The Soma Cube is a solid dissection puzzle that made it into my collection.
There are many solid dissection puzzles out there. A solid dissection puzzle is a 3D puzzle where the goal is to arrange the pieces or blocks so that they form a certain 3D shape. In the case of the Soma cube, the goal is to make a solid cube out of seven smaller pieces. Piet Hein, a Danish mathematician created the Soma Cube in 1936.
These pieces, though, have a special property. They consist of either three or four unit cubes that are joined at their faces such that at least one inside corner is formed. In the case of three cubes, there is only one possible arrangement (think of an V-shape). In the case of four cubes, there are six possible arrangements. This includes two of which are mirror images of each other.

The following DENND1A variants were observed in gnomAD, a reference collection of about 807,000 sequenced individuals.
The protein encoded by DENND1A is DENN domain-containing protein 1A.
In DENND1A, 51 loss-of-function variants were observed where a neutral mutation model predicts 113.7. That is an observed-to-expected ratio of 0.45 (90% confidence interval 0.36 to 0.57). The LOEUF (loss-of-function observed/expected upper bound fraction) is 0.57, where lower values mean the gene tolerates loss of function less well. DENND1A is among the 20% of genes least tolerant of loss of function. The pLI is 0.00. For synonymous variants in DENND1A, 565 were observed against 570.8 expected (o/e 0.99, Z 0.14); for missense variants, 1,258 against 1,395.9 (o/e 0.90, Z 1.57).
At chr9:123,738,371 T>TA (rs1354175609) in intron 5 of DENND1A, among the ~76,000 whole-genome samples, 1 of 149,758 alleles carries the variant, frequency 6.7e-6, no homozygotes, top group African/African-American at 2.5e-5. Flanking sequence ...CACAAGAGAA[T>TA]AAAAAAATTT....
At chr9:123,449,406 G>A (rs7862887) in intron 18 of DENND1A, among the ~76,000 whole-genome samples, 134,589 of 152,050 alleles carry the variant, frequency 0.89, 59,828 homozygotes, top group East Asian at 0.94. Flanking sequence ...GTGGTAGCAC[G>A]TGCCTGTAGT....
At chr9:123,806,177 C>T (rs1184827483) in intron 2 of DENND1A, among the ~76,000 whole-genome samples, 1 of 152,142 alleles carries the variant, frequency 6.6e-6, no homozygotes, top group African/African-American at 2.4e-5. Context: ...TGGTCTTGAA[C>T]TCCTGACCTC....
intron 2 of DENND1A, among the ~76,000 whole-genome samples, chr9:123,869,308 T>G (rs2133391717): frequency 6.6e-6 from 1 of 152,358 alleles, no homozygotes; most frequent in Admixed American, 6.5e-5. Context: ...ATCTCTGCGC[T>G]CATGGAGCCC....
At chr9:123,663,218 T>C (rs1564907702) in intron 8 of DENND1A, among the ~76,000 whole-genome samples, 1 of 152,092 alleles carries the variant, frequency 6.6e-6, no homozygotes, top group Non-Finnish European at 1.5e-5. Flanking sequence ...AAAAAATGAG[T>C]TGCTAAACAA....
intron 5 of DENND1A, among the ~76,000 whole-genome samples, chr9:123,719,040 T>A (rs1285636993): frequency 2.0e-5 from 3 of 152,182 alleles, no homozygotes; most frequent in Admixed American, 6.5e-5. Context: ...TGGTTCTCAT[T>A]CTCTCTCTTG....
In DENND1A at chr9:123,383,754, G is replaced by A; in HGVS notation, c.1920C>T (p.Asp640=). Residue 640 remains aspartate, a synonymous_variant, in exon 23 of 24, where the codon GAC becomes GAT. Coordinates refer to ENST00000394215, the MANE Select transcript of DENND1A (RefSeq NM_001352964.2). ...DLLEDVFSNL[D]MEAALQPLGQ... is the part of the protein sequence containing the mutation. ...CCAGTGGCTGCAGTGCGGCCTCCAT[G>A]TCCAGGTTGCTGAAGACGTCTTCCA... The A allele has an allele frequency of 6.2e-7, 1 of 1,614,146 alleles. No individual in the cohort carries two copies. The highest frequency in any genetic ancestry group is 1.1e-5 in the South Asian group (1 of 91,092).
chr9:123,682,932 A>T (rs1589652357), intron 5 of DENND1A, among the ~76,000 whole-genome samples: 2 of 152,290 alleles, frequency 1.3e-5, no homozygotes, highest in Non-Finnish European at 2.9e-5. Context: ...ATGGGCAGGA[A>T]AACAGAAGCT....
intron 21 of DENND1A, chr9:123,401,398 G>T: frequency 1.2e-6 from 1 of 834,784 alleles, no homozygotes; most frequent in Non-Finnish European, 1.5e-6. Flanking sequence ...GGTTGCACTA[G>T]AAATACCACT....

Overall, there are 240 different ways of solving the Soma cube, excluding reflections and rotations. But here’s the interesting thing: in each of the 240 solutions, there is only one place for that T-piece. The reason for this is fairly clever, and I’ll leave you to think about it. Here’s a hint: consider the possible places the T-piece can fit and then look at the number of corners available on the cube and the remaining pieces.
Simple puzzles like the Soma cube can exhibit some very interesting properties. This is why I added it to my collection. I’m always on the lookout for oddities that are diffierent. This cube fits the bill perfectly.